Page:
Friday, October 12, 2012

My One and Only Political Soap-Box

I hate politics. Always have, always will. I especially hate presidential election years. All I get from the campaigns, debates and politicians is why the other party is wrong. I don't pretend to understand anything about politics and I don't pretend to be informed enough to voice reasonable and sound opinions about any political matter (course are any political opinions reasonable or sound?). Election years just frustrate the hell out of me so I'd rather not participate in any political discussion with peers, friends and family.

But this year is a little different. This year I am working in the building where the Vice Presidential Debate took place. In fact as I am writing this the festivities for the debate are still going on. This debate has been a major concern in my workplace since I started 2 months ago. Of course the politics of the debate weren't the concern as much as the inconvenience the debate would be, but nevertheless the debate is a big deal to everyone around here. There is no way to get around the hoopla that this election is stirring in the town - the election is literally outside my front door right now. So I participated in the festivities as much as person who can't stand politics can. I went to the Debate Festival on Campus this afternoon, tried to get on MSNBC, got some free stuff from AARP - the official sponsor of the debate, and listened to the live Kentucky music. But I ultimately decided not to stay at the Festival to watch the debate. Watching the debate (which would ultimately bore me and frustrate me at the same time) outside in the cold just didn't sound very fun to me.

I opened the windows of my apartment so I could still hear what's going on on campus, and turned on the debate.  Within seconds I am already annoyed with both candidates and have no interest in continuing to watch, but I do nonetheless. Every now and then I can hear cheering from crowds outside because one of the candidates has said something that is excites one political party or the other - unfortunately I haven't paid enough attention to know what they've said that was so great. It wasn't until the last few minutes of the debate that it really got interesting. When Biden and Ryan were asked to share their stance on religion and abortion both candidates had my undivided attention (literally, I almost burned my dinner listening to what they had to say). Ryan spoke first saying that life begins at conception and that abortion would be illegal except in the instances of rape, incest and the woman's health if Romney was elected. Biden agreed that life begins at conception, but would never force that belief on someone of another faith. I'm not entirely sure what he said after that because I was distracted by the eruption of cheers from campus. I just happen to agree with Biden and it was very exciting to hear the crowd react the way they did. But it got me to thinking about all the other issues being discussed in this debate and presidential race. I may not have known what either of the candidates were talking about the entire debate (again, all I hear is blame and finger pointing) but they covered a lot of issues and I'm confused as to why the biggest cheer from the crowd is about abortion.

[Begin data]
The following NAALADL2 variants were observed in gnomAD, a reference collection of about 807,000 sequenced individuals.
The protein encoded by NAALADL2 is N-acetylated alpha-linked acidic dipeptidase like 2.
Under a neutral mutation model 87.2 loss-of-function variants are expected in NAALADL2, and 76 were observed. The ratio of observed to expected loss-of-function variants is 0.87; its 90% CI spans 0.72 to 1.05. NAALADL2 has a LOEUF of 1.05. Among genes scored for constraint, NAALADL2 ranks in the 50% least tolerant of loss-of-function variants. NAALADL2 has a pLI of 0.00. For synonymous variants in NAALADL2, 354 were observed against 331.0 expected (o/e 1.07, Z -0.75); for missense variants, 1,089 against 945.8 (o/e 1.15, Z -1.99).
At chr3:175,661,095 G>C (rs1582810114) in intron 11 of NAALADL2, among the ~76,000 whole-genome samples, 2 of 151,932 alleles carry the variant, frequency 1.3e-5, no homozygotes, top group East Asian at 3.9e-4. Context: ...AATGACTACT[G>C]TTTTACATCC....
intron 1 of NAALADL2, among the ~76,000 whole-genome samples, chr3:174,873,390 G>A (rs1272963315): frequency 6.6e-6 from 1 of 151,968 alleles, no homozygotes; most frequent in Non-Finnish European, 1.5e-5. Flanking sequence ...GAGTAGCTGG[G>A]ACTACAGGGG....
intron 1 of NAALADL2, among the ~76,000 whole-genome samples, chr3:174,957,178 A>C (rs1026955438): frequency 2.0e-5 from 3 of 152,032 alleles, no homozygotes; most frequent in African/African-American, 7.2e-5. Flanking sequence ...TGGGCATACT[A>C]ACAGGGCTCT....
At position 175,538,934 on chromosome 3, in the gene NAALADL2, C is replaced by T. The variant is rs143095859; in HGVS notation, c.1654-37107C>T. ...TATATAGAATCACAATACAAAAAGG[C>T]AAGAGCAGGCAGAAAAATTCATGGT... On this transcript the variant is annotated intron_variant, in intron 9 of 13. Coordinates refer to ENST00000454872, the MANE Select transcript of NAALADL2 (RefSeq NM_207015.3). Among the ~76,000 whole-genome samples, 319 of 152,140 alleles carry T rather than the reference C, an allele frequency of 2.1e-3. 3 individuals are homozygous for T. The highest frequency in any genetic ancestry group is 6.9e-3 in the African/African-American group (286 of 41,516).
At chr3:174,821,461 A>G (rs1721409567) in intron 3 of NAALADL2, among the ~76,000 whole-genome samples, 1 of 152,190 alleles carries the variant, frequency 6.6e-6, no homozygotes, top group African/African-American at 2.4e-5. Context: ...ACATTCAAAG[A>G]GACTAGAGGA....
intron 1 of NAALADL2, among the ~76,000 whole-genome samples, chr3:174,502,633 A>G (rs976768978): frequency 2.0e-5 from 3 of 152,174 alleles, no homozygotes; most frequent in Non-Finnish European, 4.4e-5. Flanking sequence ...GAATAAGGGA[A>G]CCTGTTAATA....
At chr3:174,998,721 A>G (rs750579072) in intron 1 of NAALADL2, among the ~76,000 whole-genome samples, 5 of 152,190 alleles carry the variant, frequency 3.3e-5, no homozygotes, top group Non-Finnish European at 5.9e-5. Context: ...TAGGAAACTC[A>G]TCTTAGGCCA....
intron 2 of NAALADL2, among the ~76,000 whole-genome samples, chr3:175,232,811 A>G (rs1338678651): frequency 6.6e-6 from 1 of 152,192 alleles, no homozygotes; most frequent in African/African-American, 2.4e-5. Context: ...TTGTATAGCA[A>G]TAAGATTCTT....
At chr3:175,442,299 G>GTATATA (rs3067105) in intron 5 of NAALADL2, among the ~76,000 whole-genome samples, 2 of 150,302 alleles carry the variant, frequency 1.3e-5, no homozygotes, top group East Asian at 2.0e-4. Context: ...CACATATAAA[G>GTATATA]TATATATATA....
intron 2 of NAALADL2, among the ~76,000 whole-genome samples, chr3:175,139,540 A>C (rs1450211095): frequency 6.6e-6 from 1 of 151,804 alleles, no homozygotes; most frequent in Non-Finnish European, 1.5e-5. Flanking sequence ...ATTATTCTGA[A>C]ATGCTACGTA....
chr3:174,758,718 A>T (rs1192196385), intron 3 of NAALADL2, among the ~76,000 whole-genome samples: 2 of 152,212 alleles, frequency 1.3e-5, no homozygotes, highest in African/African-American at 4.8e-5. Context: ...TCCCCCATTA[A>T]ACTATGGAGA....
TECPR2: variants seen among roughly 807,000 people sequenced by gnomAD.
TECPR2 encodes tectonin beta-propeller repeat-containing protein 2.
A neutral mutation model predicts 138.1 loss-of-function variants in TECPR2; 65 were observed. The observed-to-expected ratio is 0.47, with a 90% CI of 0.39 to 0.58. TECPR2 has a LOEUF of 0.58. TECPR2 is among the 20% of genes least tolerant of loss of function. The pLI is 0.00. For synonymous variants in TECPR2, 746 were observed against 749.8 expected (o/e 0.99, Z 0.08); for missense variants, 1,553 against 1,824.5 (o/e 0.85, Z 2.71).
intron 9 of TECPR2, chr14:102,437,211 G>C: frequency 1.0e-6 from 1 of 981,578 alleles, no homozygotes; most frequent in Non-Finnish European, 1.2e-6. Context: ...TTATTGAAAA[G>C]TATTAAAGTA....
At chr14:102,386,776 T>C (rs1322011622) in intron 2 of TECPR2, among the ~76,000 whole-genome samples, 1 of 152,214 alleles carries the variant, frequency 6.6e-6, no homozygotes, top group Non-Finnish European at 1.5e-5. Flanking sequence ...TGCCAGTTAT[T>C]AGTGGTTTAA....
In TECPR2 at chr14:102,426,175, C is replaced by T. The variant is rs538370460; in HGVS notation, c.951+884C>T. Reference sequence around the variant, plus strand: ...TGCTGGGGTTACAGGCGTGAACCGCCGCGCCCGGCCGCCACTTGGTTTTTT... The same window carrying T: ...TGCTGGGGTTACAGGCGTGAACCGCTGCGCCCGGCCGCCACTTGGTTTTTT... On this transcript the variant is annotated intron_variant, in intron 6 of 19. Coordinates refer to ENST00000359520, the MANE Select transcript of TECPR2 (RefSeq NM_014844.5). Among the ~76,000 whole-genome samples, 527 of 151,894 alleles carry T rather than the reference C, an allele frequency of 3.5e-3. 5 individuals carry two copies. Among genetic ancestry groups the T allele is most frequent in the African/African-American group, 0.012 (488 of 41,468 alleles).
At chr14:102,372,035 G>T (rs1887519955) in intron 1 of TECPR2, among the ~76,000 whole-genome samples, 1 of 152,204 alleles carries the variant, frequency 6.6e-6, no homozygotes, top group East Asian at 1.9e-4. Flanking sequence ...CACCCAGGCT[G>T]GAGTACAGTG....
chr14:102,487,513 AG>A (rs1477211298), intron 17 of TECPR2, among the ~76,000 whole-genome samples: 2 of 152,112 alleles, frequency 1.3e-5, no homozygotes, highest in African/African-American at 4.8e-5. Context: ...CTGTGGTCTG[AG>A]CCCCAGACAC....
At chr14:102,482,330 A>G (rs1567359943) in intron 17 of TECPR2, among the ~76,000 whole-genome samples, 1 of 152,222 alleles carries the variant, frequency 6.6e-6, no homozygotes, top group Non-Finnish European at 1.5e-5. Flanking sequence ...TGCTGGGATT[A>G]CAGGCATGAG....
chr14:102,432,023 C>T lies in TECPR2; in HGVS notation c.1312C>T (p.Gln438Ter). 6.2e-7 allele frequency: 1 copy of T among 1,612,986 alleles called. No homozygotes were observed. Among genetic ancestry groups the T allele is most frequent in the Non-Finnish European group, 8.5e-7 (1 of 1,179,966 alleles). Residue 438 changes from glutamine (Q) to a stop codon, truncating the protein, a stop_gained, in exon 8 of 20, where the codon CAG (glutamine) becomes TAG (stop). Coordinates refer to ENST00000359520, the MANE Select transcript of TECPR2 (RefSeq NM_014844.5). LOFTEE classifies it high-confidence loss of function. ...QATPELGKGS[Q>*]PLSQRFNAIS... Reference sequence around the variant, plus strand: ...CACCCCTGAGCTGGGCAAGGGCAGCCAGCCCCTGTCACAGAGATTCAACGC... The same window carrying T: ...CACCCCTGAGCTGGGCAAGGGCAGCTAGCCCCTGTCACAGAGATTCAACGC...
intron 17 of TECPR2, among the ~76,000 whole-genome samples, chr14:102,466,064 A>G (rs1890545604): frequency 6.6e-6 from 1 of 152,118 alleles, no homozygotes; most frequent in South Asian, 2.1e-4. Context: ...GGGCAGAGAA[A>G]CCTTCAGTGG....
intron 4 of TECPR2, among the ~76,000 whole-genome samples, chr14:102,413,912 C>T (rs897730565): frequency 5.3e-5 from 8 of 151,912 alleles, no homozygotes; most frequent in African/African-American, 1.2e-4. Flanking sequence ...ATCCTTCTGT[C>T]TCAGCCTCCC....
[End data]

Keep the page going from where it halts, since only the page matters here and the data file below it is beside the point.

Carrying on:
It seems as though women's rights have become a very big issue during this campaign, and same-sex marriage has become more and more prevalent every year. It is disappointing that these are the issues that mean the most to the younger generation, not because they aren't important issues, but because they shouldn't even be issues to begin with.

The United States was founded under the belief that all men are created equal and as a country we have fought for our freedom. Throughout our history, our country has expanded our founding belief to include men and women of all races are created equal and we are called "The Land of the Free."So why are we still fighting for freedom of our bodies, and of our beliefs and religions? It is so infuriating to me. Basic human rights and freedom in America should be water under the bridge. I shouldn't have to worry about them. I don't want to vote for a candidate because they are going ensure that my freedoms are secure because my freedoms in America should be redundant. I want to worry about the economy, unemployment, healthcare, the War on Iraq.

I'm not saying that everyone should vote for Obama because he's going to ensure that women have the right to do with their body as they please and that eventually a man can marry a man and a woman can marry a woman and expect the same rights as a married man and woman. All I'm saying is that isn't it a shame that we are still talking about rights and freedoms in this country after all that this country has gone through? Isn't it a shame that the younger generation still has to worry about this? What does that say about the next generation? If this generation is still worried about freedoms and rights and liberties, what will the economy, the unemployment rate, and healthcare be like when the next generation has to worry about them?

It has been really exciting being a part of this debate. It is something that I will always remember and be proud to have been a part of. But I have to say I'm so glad it's all over. I still hate politics.